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How do you find the inverse Laplace Transform of the following,

$$\frac{2 (s^2+4 s+5)^2+40}{(s^2+4 s+5)^2}$$

Separating them into complex coefficients is to long.

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up vote 3 down vote accepted

Let $F(s)$ denote the fraction in the post, hence $F(s)=2+40\frac1{(s^2+4s+5)^2}$. The $2$ part of $F(s)$ is the Laplace transform of twice the Dirac measure at $0$. The fraction $\frac1{s^2+4s+5}$ is a linear combination of $\frac1{s+2\pm\mathrm i}$ hence it is the Laplace transform of a linear combination of the functions $t\mapsto\exp(-(2\pm\mathrm i)t)$ on $t\geqslant0$, namely, the Laplace transform of $f$ where $f(t)=\mathrm e^{-2t}\sin(t)$ for every $t\geqslant0$. Thus, the fraction $\frac1{(s^2+4s+5)^2}$ is the Laplace transform of $f\ast f$, which might (or might not, check for yourself) be such that $(f\ast f)(t)=\frac12\mathrm e^{-2t}(\sin(t)-t\cos(t))$ for every $t\geqslant0$.

Finally, the function $F$ is the Laplace transform of the measure $\nu=2\delta_0+40\mu$ where $\mu$ has density $f\ast f$ with respect to the Lebesgue measure on $t\geqslant0$. Note that $F$ is the Laplace transform of no function, only a measure can do, and one has $$ F(s)=\int_0^{+\infty}\mathrm e^{-st}\mathrm d\nu(t). $$

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Although I didn't quite get how L(f*f(t)) is equal to that, thanks for the answer :) – Eddy May 13 '13 at 17:30
It is a general fact that L(f*g)=(Lf)(Lg) hence for f=g, one gets... – Did May 13 '13 at 19:16
Are you certain? – Eddy May 14 '13 at 13:25
Certain about what? (For what it is worth, as explained (and acknowledged by the OP) in the comments, the answer you accepted does not answer your question. Can you explain?) – Did May 14 '13 at 16:56
L(f*g)=(Lf)(Lg) that this true. My book states: L(f(t)*g(t)) does not equal to L(f(t))*L(g(t)) Are you saying the accepted answer is wrong? It's like yours. – Eddy May 14 '13 at 17:16

The problem reduces to $$2+\frac{40}{(s^2+4s+5)^2}$$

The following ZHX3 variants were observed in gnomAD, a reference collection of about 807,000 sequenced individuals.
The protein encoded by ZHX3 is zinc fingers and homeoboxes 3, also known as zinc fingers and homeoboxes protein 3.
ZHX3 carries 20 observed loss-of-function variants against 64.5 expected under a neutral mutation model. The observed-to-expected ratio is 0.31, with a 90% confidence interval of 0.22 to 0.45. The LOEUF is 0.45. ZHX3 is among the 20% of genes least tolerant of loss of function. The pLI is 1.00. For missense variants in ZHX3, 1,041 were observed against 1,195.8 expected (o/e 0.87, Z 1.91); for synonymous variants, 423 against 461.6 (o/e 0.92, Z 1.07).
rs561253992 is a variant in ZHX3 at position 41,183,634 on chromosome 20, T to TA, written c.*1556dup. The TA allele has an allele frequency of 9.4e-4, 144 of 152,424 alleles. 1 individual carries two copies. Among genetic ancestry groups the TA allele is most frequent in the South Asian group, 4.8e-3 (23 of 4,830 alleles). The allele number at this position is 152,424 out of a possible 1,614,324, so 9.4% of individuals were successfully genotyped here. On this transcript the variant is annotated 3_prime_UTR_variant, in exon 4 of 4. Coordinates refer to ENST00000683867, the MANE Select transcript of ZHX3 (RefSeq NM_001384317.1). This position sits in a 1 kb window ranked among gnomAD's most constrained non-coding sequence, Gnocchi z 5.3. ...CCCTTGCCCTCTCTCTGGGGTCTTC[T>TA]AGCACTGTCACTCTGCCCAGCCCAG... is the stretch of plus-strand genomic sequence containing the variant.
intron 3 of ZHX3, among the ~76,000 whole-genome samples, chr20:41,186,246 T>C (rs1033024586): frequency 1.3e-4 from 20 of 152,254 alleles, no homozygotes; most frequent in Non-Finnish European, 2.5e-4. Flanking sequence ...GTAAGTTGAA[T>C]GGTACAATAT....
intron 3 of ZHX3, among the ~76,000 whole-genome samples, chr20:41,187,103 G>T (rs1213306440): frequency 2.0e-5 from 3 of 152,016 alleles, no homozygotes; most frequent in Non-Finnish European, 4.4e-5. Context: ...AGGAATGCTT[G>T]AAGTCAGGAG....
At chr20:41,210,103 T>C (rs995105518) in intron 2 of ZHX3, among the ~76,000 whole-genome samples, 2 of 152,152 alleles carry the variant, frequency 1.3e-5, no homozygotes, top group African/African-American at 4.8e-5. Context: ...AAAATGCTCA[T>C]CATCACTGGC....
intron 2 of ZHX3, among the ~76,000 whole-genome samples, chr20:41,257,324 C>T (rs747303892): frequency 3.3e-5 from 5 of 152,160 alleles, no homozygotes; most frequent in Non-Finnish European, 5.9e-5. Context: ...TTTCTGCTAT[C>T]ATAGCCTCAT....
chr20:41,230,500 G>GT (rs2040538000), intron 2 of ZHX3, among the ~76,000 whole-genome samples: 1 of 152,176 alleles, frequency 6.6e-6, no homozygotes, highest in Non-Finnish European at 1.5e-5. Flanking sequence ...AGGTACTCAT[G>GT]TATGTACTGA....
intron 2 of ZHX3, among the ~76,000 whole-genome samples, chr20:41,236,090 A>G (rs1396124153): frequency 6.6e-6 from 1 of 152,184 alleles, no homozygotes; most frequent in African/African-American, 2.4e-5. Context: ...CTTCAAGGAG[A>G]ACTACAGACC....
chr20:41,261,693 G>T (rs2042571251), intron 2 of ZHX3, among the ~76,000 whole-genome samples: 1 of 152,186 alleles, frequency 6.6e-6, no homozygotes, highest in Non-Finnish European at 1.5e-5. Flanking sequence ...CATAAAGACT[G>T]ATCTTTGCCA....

Let us denote the Laplace Transform of $f(t)$ as $L\left(f(t)\right)=F(s)$

and the inverse as $L^{-1}\left(F(s)\right)=f(t)$

For $L^{-1}\frac1{(s^2+4s+5)^2},$

$$\text{If }L\left(f(t)\right)=\frac{s-a}{\{(s-a)^2+b^2\}^2},$$

$$L\left(\frac {f(t)}t\right)=\int_s^\infty \frac{s-a}{\{(s-a)^2+b^2\}^2} ds$$ $$=\frac12\int_s^\infty \frac{2(s-a)}{\{(s-a)^2+b^2\}^2} ds=-\frac12\left(\frac1{(s-a)^2+b^2}\right)_s^\infty=\frac12\frac1{(s-a)^2+b^2}$$

$$\implies \frac {2f(t)}t=L^{-1}\left(\frac1{(s-a)^2+b^2}\right)=\frac{e^{at}\sin bt}{b} $$

$$\implies L^{-1}\frac{s-a}{\{(s-a)^2+b^2\}^2} =f(t)=\frac{te^{at}\sin bt}{2b}$$

$$a=0\implies L^{-1}\frac s {\{s^2+b^2\}^2} =\frac{t\sin bt}{2b}$$

As $L\{g(t)\}=G(s)\implies \int_0^tg(t)dt=L^{-1}\left(\frac{G(s)}s\right)$

$$L^{-1}\frac1{(s^2+b^2)^2}=L^{-1}\left(\frac1s\cdot \frac s{(s^2+b^2)^2}\right)=\int_0^t\frac{t\sin bt}{2b}dt=\frac{\sin bt-bt\cos bt}{2b^3}$$ (Integrating by parts)

Now using shifting property $L\{g(t)\}=G(s)\implies L(e^{at}g(t))=G(s-a)$

So, $$L^{-1}\frac1{\{(s-a)^2+b^2\}^2}=\frac{e^{at}(\sin bt-bt\cos bt)}{2b^3}$$

Here $s^2+4s+5=(s+2)^2+1^2\implies a=-2,b=1$

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Sorry but what does $L^{-1}(2)=\frac 2s$ mean? – Did May 13 '13 at 19:17
Quite unrelated, I would say. – Did May 13 '13 at 19:22
@Did, not sure what you mean? How do you handle the 1st part? – lab bhattacharjee May 13 '13 at 19:24
Sorry but this is not/should not be the question: the question is what you mean by $L^{-1}(2)=\frac 2s$. – Did May 13 '13 at 19:26

I have done it, you can see if it's useful to you, I.m not sure so if you look out the mistake please fix it..

$\begin{array}{l} F(s) = \frac{{2{{({s^2} + 4s + 5)}^2} + 4}}{{{{({s^2} + 4s + 5)}^2}}} = 2 + \frac{{40}}{{{{{\rm{[}}{{(s + 2)}^2} + 1{\rm{]}}}^2}}} \\ {L^{ - 1}}{\rm{[2] = }}2\delta (t) \\ {\rm{\{ }}\int_0^\infty {2.{e^{ - st}}\delta (t)dt = 2} {\rm{.}}{{\rm{e}}^{ - s0}}{\rm{ = 2\} }} \\ G(s) = \frac{{40}}{{{{{\rm{[}}{{(s + 2)}^2} + 1{\rm{]}}}^2}}}{\rm{ = 40}}{\rm{.}}\frac{1}{{{\rm{[}}{{(s + 2)}^2} + 1{\rm{]}}}}.\frac{1}{{{\rm{[}}{{(s + 2)}^2} + 1{\rm{]}}}} = 40L\left[ {{e^{ - 2t}}.\sin t} \right].{L^{ - 1}}\left[ {{e^{ - 2t}}.\sin t} \right] \\ = > g(t) = {e^{ - 2t}}.\sin t*{e^{ - 2t}}.\sin t = \int_0^t {{e^{ - 2(t - u)}}.\sin (t - u).{e^{ - 2u}}.\sin u.du} \\ = {e^{ - 2t}}\int_0^t {(\sin t.\cos u - \cos t.\sin u)\sin u.du} \\ = > g(t) = {e^{ - 2t}}\left[ {\sin t\underbrace {\int_0^t {\cos u.\sin u.du} }_{{I_1}} - \cos t\underbrace {\int_0^t {{{\sin }^2}udu} }_{{I_2}}} \right] \\ = > f(t) = 2\delta (t) + g(t) \\ \end{array}$

You can evalue the integrals I1 and I2 yourself

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